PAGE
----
My graduate student career is drawing to a close, and as such this will be my final post to this blog as a graduate student. In this post, I want to share some brief words of wisdom that have been very helpful to me when making important decisions over the past five years. During my graduate student orientation, I attended many information sessions on a variety of topics, but the one memorable comment was made by an experienced graduate student (not in mathematics) who said to all of us “you are an exceptional student but you are probably not the exception.”
As an undergraduate, being an exceptional student is being the exception. A typical undergraduate student body consists of students with a diverse set of talents, both academic and non-academic. Those that excel in math (for example) and choose to pursue it professionally are characteristically atypical and, as such, expect themselves to assume atypical amounts of responsibility and endure atypical levels of adversity. The experienced student’s words of wisdom to us were meant to caution us beginners that in graduate school this would no longer be the case. Being a good student no longer makes a student exceptional in graduate school. Almost all graduate students were exceptional undergraduate students, and all of them share a certain devotion to their particular field of study.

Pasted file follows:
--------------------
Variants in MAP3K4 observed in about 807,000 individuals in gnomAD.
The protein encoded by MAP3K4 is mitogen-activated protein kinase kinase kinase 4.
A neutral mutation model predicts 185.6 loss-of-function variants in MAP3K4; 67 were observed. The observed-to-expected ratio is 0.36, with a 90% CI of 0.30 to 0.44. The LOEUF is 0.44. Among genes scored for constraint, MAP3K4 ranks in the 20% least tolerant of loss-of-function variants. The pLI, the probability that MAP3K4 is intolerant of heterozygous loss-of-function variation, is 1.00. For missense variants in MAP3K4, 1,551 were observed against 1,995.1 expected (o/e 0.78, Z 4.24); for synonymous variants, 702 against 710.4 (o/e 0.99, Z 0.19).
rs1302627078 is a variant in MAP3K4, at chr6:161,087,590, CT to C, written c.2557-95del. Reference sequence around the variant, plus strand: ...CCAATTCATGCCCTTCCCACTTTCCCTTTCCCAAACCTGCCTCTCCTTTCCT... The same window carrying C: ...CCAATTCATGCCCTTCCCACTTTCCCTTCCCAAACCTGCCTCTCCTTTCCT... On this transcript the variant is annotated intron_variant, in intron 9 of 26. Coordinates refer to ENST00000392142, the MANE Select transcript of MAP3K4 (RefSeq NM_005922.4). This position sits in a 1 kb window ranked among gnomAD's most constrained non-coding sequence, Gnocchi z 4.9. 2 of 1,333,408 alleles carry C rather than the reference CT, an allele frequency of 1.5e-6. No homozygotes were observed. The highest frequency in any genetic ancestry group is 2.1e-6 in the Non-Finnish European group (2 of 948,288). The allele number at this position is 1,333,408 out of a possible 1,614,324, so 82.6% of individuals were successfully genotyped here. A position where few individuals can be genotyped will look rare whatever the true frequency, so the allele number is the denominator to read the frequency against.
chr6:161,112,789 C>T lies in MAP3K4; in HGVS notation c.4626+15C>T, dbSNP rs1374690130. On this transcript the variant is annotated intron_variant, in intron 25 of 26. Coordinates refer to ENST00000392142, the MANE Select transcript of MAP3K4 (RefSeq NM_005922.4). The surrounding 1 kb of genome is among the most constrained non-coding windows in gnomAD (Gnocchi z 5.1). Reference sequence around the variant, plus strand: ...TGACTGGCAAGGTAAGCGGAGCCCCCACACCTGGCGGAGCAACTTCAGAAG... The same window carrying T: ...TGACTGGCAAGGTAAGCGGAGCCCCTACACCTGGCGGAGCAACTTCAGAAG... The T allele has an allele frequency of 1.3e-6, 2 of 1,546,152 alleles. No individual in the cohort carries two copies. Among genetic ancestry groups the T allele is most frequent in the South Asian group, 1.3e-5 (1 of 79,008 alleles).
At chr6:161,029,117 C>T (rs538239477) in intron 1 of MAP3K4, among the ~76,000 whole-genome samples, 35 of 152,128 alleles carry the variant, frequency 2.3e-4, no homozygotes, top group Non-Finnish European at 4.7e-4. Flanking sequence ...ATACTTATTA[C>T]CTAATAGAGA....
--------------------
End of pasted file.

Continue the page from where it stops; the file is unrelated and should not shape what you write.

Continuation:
The student’s advice has been very helpful in both making decisions and defining my expectations as a graduate student. For example, when enrolling in courses each term, I aimed to strike a balance between learning interesting math through coursework and making time for research. It is always tempting to sign up for every interesting course I see, but I remembered this student’s advice and realized that the most successful advanced graduate students in my department were often enrolled in very few courses and it seemed unlikely that I was an exception to this phenomenon. The student’s advice is meant to encourage students to emulate those who came before them with similar ambitions. As graduate students, we are in charted waters and have available to us the advice and experience of mentors whose success we hope to achieve.
If I had to add my own advice on graduate school based on my own experience, it would be simply this: work as hard as you can.